A veteran of planning and public administration in California, Rick Cole has built a career on the premise of bringing innovation and common-sense planning to the jurisdictions in which he has worked. The former mayor of Pasadena and city manager of both Ventura and Azusa, Cole entered big-city administration in 2013 as Deputy Mayor for Budget and Innovation in the City of Los Angeles. This May, Cole elected to return to his small-city roots with his appointment as city manager of the City of Santa Monica. Cole takes office amid a tumultuous time in Santa Monica, when pressures to grow are running headlong against concerns over traffic, loss of civic character, and housing costs. CP&DR's Josh Stephens spoke with Cole about his plans for a city that captures the best - and worst - of California planning in microcosm. >>read more
At times, city officials in California couldn't be blamed for wanting to revert to bygone times, such as, perhaps, 14th century Italy. City-states would be one solution to what seems to be persistent rancor between Sacramento and cities. At the heart of that fray lies the League of California Cities, whose mission is to lobby for the diverse interest of the state's 600-plus cities.
With funding scarce and plans large and small in abundance, the latest round of Sustainable Communities Grants and Urban Greening Grants awarded by the Strategic Growth Council come as welcome relief to cities, counties, and other agencies. Last month, the SGC announced that it would award $24.6 million in Sustainable Communities Planning Grants and $20.7 million in Urban Greening Grants. Both programs are funded by the clean water bond Prop. 84.
As planners have increasingly embraced the principles of smart growth over the past few years, suburban areas have increasingly borne criticism as examples of how not to plan. This criticism often ignores a crucial point: even if suburbs are imperfect-largely because they promote automobile dependency-they are not necessarily hopeless. A recently completed study led by Prof.
The last time the American Planning Association held its national conference in Los Angeles, the Lakers were playing in Inglewood, the only trains to serve Union Station were Amtrak, and the only people who spent the night downtown were homeless or business travelers. Today, attendees of the 2012 APA National Conference - to be held at the Los Angeles Convention Center April 14-17 - will find everything from light rail to lofts to Staples Center. A lot has changed in Los Angeles since 1986.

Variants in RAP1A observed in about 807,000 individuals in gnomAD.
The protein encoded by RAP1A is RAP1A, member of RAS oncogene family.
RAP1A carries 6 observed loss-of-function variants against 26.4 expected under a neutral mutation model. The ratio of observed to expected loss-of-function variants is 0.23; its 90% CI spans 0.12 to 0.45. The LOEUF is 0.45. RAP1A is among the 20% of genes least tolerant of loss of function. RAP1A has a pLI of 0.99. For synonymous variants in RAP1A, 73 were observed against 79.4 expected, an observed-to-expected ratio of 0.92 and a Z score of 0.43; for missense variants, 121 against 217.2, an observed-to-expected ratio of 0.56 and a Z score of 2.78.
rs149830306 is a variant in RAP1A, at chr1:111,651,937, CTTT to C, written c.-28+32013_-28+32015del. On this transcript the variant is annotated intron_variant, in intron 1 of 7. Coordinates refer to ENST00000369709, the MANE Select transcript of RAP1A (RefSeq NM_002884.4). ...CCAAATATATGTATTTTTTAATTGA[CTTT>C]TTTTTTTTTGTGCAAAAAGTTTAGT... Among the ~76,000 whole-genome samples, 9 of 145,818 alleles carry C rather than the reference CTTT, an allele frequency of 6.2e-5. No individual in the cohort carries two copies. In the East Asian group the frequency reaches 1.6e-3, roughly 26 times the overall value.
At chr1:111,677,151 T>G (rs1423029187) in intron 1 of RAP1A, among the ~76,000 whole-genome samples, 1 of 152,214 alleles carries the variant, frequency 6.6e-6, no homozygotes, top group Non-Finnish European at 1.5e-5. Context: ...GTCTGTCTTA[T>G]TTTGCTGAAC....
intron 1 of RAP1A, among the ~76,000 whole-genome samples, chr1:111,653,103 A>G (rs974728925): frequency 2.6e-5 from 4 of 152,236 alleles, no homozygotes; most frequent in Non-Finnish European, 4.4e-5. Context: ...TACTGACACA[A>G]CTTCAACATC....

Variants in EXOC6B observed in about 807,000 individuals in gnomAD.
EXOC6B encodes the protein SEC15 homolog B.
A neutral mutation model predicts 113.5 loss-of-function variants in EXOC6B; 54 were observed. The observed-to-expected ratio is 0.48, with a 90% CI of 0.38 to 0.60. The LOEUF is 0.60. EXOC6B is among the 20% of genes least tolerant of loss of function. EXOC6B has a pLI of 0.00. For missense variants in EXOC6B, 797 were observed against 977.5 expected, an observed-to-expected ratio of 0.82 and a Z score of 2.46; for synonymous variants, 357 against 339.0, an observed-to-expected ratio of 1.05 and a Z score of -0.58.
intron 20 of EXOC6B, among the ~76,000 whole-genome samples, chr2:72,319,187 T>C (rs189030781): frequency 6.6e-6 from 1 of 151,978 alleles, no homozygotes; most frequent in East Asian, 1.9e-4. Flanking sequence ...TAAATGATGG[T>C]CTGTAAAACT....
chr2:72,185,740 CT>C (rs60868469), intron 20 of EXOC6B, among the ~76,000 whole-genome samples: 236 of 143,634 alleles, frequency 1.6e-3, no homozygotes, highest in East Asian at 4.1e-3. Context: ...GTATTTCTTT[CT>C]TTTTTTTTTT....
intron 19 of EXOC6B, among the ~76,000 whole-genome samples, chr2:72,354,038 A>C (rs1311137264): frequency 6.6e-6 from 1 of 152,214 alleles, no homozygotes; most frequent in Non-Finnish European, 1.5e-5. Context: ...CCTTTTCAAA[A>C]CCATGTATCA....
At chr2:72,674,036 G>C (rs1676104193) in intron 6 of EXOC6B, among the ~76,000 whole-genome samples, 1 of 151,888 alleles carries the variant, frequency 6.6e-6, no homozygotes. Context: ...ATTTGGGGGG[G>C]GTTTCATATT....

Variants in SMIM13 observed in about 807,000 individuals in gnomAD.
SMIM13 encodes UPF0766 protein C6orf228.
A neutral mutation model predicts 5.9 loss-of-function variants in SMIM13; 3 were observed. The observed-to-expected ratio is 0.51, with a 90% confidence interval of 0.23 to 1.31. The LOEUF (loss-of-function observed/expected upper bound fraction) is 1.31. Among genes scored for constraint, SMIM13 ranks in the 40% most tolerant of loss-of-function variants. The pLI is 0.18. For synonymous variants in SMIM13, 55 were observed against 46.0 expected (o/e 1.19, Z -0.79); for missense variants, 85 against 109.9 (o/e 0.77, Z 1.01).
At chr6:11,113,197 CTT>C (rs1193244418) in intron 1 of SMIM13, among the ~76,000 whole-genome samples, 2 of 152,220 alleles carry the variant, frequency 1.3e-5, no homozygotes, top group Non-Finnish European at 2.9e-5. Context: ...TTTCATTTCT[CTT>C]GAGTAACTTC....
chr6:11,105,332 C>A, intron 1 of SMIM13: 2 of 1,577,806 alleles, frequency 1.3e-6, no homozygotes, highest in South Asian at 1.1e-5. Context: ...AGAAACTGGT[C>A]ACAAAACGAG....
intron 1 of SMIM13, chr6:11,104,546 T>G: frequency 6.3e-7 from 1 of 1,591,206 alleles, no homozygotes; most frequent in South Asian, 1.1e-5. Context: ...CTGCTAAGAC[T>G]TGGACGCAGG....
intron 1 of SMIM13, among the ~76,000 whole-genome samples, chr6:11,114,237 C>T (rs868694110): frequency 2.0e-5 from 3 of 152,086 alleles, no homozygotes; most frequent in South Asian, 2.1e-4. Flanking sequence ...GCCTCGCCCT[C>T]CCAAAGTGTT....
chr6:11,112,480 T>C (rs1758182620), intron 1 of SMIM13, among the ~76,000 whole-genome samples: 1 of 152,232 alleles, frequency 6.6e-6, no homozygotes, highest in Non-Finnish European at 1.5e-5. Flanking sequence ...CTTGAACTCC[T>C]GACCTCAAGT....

As inscrutable as public policy may be sometimes, academics and professionals alike sometimes like to believe that they have all the answers. Sometimes, though, an esteemed professor such as USC planning professor Lisa Schweitzer, willingly throws up her hands. >>read more
Jim Kennedy may have taken the most thankless job in all of California planning. The former planning director of Contra Costa County and longtime board member of the California Redevelopment Association, Kennedy succeeds former executive director John Shirey, who recently became city manager for the City of Sacramento.
The preliminary results of the 2010 U.S. Census are in, and so far they depict a California quite different from the one that the state's localities have been planning for the past few decades. It is no longer a young, family-oriented state that lives in detached homes but rather an aging, childless state that is turning back towards the center cities. And, though California's population - estimated at 37.2 million - is bigger than ever, its growth rate is a shadow of its former self.
The Governor's Office of Planning and Research occupies an unusual place in California planning. Even though planning is an intensely local function, part of OPR's mission is to convey Sacramento's planning agenda to the local level. At times when that agenda has been ill-defined, OPR has nearly withered. But now that Gov. Jerry Brown has articulated support for Senate Bill 375 and for a host of smart growth principals, OPR may regain prominence.